Molecular mechanism of tryptophan-dependent transcriptional regulation in Chlamydia trachomatis
- Author(s): Akers, Johnny C
- Tan, Ming
- et al.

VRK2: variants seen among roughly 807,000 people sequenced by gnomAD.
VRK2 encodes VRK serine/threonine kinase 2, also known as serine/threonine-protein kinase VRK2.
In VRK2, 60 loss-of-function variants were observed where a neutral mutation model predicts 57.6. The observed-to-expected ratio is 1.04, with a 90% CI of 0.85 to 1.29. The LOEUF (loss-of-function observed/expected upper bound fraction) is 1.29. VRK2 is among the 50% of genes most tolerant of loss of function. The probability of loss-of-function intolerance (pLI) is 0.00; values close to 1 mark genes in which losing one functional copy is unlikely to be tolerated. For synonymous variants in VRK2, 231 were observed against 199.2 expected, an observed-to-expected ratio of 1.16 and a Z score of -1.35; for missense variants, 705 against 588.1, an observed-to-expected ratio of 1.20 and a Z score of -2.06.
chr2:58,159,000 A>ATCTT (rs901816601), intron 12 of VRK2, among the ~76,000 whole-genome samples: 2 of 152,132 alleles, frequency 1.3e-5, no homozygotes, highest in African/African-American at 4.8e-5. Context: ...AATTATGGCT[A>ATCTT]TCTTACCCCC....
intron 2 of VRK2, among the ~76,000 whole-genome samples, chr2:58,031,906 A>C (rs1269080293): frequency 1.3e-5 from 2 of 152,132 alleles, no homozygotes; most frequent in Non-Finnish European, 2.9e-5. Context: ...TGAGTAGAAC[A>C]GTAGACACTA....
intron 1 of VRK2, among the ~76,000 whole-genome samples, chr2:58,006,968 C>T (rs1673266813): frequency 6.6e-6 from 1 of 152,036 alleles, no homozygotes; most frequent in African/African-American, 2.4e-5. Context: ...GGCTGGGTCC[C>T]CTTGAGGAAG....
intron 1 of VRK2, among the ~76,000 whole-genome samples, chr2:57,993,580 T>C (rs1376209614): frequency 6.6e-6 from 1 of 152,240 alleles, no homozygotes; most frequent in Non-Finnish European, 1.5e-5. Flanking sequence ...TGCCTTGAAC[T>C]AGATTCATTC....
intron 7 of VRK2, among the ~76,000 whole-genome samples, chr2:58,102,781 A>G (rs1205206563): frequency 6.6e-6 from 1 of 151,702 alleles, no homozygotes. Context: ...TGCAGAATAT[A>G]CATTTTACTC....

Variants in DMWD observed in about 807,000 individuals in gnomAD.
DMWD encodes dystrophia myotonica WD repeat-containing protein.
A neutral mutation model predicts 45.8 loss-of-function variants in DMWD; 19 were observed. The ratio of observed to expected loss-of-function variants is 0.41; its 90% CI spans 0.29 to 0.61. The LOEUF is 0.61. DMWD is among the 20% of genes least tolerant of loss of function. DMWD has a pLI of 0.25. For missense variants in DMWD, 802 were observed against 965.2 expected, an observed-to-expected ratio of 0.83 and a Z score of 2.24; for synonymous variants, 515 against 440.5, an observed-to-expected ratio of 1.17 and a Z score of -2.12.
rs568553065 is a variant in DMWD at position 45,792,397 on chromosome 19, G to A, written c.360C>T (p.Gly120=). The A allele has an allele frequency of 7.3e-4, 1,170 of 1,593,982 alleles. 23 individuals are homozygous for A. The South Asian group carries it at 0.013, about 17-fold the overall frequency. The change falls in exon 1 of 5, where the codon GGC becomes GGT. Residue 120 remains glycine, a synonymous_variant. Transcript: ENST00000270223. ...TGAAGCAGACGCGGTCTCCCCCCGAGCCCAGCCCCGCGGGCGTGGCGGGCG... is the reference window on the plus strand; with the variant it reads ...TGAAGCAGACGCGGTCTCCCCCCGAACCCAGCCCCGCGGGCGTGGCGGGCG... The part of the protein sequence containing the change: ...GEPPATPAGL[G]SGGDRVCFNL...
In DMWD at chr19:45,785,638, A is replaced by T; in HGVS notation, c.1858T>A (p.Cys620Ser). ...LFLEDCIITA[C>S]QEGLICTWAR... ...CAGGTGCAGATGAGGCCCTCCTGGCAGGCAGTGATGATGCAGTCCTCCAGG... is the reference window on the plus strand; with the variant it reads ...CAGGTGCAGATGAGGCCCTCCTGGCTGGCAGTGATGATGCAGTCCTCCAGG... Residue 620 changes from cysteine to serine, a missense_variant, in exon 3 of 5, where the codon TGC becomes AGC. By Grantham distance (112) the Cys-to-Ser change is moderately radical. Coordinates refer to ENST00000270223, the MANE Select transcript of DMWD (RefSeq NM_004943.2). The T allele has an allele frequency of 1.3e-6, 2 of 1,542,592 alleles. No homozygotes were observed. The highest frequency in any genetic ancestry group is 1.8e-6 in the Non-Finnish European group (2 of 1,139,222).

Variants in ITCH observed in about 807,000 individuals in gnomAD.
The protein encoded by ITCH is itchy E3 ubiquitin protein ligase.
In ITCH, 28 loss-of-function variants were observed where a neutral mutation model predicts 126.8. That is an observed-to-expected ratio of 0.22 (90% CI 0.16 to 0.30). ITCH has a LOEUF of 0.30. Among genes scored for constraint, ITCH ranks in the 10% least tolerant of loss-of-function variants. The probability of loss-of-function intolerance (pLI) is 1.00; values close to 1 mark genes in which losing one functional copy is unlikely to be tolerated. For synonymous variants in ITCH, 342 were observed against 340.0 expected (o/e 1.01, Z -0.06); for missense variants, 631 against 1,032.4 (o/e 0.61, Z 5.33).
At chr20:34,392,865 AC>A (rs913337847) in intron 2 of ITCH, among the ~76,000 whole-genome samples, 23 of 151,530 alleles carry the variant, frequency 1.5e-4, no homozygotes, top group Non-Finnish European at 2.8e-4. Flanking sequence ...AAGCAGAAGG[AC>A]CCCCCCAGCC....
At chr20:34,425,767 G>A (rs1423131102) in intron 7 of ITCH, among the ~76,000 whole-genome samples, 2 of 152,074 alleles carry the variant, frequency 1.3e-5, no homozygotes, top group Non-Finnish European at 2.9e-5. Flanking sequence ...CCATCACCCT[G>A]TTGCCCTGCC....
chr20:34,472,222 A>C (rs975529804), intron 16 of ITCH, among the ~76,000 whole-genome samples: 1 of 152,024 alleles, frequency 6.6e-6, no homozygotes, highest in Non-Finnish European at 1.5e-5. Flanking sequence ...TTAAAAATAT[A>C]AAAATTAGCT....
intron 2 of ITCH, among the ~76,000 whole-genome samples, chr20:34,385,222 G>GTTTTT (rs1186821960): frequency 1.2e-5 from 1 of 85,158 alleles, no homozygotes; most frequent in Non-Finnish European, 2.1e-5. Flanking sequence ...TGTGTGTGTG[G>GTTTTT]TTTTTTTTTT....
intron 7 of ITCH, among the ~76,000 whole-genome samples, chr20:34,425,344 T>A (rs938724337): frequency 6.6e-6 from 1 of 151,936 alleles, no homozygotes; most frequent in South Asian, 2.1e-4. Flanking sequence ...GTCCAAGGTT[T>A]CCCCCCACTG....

Tryptophan is an essential amino acid that is required for normal development in Chlamydia species, and tryptophan metabolism has been implicated in chlamydial persistence and tissue tropism. The ability to synthesize tryptophan is not universal among the Chlamydiaceae, but species that have a predicted tryptophan biosynthetic pathway also encode an ortholog of TrpR, a regulator of tryptophan metabolism in many gram-negative bacteria. We show that in Chlamydia trachomatis serovar D, TrpR regulates its own gene and trpB and trpA, the genes for the two subunits of tryptophan synthase. These three genes form an operon that is transcribed by the major form of chlamydial RNA polymerase. TrpR acts as a tryptophan-dependent aporepressor that binds specifically to operator sequences upstream of the trpRBA operon. We also found that TrpR repressed in vitro transcription of trpRBA in a promoter-specific manner, and the level of repression was dependent upon the concentrations of TrpR and tryptophan. Our findings provide a mechanism for chlamydiae to sense changes in tryptophan levels and to respond by modulating expression of the tryptophan biosynthesis genes, and we present a unified model that shows how C trachomatis can combine transcriptional repression and attenuation to regulate intrachlamydial tryptophan levels. In the face of host defense mechanisms that limit tryptophan availability from the infected cell, the ability to maintain homeostatic control of intrachlamydial tryptophan levels is likely to play an important role in chlamydial pathogenesis.